August 20, 2013 | 3:50 pm
Posted by Pini Herman
In a classic case of researchers mistaking association for causality, a recent widely publicized Ohio State study discusses how the survival of marriages, that is the lack of divorce, seems to be dependent on the number of siblings. The researchers report they factored in the religious affiliation of the respondents and it did not reduce the increasing effect of having more than two siblings on avoiding divorce.
This contradicts previous research which did indicate that religion did influence the longevity of marriage, specifically that marriages with both Jewish partners in California filing for divorce had longer time spans from the point of marriage to the point of filing for divorce than non-Jewish and mixed marriages.
Survival is tracked by following a subject along the trajectory of the life of the phenomenon that is of interest, in this case marriage from the point of nuptials to dissolution or death of a partner. Unfortunately, U.S. studies tracking marriage outcomes do not exist. The difficulty and cost of such longitudinal research which would require following a large enough sample of geographically mobile American adults consistently over their lifetimes to see the outcomes of their marriages.
All the news articles mention that data from interviews of 57,000 adults from across the United States at 28 points between 1972 and 2012 were used. Unfortunately, these were not 57,000 adults interviewed over 28 times over 40 years, but rather 28 yearly cross-sectional adult random national samples averaging about two thousand ever-married respondents each year from the General Social Survey (GSS) data gathered by the the University of Chicago based National Opinion Research Center (NORC).
What the Ohio State researchers, Donna Bobbitt-Zeher, Douglas B. Downey and Joseph Merry, might have found is that having the social support of more than two siblings is an important factor in increasing survival, or life spans, overall. The likelihood of having social support increases with the shared resources of a greater number of siblings. Perhaps the dynamics of shared resources of one or two siblings aren’t enough. Perhaps when the shifting coalitions of the magic number of three or more siblings is reached is when significant family mutual support kicks in.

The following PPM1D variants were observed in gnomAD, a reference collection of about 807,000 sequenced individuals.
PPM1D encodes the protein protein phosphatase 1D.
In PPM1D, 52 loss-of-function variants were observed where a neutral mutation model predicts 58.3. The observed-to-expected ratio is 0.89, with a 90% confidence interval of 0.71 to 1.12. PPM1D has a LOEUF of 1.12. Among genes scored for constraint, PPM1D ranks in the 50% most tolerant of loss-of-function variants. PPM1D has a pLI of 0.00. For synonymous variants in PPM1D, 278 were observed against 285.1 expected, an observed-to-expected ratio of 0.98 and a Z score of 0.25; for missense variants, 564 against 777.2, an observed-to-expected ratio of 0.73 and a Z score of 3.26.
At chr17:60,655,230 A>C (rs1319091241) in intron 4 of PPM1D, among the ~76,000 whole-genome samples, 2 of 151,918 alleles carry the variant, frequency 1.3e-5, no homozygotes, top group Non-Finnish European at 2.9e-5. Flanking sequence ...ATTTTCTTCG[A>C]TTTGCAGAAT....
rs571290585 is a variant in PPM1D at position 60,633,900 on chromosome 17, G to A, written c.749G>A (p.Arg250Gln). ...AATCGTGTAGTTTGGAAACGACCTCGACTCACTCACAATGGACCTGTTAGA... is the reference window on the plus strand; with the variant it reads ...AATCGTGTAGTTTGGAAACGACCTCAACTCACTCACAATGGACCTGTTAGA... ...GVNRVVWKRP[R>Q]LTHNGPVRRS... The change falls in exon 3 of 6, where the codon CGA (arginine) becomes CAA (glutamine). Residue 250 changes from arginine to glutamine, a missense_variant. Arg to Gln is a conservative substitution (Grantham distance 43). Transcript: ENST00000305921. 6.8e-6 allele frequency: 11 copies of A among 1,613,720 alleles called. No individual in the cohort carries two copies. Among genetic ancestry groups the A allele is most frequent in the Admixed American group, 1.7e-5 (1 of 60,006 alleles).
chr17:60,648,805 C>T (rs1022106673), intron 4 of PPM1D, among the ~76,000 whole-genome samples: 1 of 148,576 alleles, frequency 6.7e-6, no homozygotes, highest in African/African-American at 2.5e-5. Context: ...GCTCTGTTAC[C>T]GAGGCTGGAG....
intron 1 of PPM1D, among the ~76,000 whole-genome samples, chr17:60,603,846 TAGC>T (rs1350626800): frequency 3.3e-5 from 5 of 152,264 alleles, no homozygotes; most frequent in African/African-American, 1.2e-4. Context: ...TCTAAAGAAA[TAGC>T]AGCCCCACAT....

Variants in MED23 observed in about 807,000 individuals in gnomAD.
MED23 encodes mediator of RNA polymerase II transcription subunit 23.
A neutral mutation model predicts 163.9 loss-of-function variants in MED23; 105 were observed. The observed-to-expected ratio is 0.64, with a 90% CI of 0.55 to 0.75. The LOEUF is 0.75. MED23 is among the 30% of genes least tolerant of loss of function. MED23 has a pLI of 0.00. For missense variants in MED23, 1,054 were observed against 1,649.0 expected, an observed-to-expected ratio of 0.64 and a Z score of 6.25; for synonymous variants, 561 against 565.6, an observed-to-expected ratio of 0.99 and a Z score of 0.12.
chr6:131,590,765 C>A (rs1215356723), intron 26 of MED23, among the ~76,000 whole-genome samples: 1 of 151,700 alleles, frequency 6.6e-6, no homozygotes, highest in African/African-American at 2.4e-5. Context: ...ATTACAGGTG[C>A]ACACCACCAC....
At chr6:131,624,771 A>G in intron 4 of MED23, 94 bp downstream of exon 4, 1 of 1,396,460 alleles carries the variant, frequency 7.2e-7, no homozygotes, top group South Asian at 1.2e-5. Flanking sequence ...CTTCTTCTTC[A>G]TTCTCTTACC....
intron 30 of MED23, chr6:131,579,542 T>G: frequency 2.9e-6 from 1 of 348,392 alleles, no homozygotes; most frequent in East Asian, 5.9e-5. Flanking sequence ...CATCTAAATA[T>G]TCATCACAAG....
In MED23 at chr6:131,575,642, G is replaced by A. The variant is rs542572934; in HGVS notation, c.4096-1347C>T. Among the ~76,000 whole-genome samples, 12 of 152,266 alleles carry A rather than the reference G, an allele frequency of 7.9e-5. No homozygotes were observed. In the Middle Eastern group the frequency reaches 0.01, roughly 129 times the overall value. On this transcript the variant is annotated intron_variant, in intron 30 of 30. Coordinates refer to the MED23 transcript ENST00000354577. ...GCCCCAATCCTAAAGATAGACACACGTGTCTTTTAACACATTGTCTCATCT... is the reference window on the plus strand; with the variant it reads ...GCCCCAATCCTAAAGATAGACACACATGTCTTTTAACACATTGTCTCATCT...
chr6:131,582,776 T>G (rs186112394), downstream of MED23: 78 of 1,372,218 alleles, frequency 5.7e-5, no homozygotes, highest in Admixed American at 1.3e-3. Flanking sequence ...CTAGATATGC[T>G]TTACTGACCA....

What the Ohio State researchers likely encountered is that with each succeeding GSS cross-sectional sample of the 28 over 40 years that they actually studied, is that survivors with three or more siblings were much more likely to be in the GSS national samples.
Historically, the number of siblings is on a decline. So, is marriage survival going to decline? It’s probably still prudent to put more of one’s faith in religious affiliation, specifically Judaism, when it comes to the phenomenon of marriage survival. Having more than two siblings probably brings on a myriad of benefits which ultimately lead to longer, more stable lives, including marriage survival. Siblings are born with. Religion has to be acquired and maintained.
Pini Herman, PhD. specializes in demographics, big data and predictive analysis, has served as Asst. Research Professor at the University of Southern California Dept. of Geography, Adjunct Lecturer at the USC School of Social Work, Research Director at the Jewish Federation of Greater Los Angeles following Bruce Phillips, PhD. in that position and is a past President of the Movable Minyan a lay-lead independent congregation in the 3rd Street area. Currently he is a principal of Phillips and Herman Demographic Research. To email Pini: email@example.com To follow Pini on Twitter: Follow @pinih
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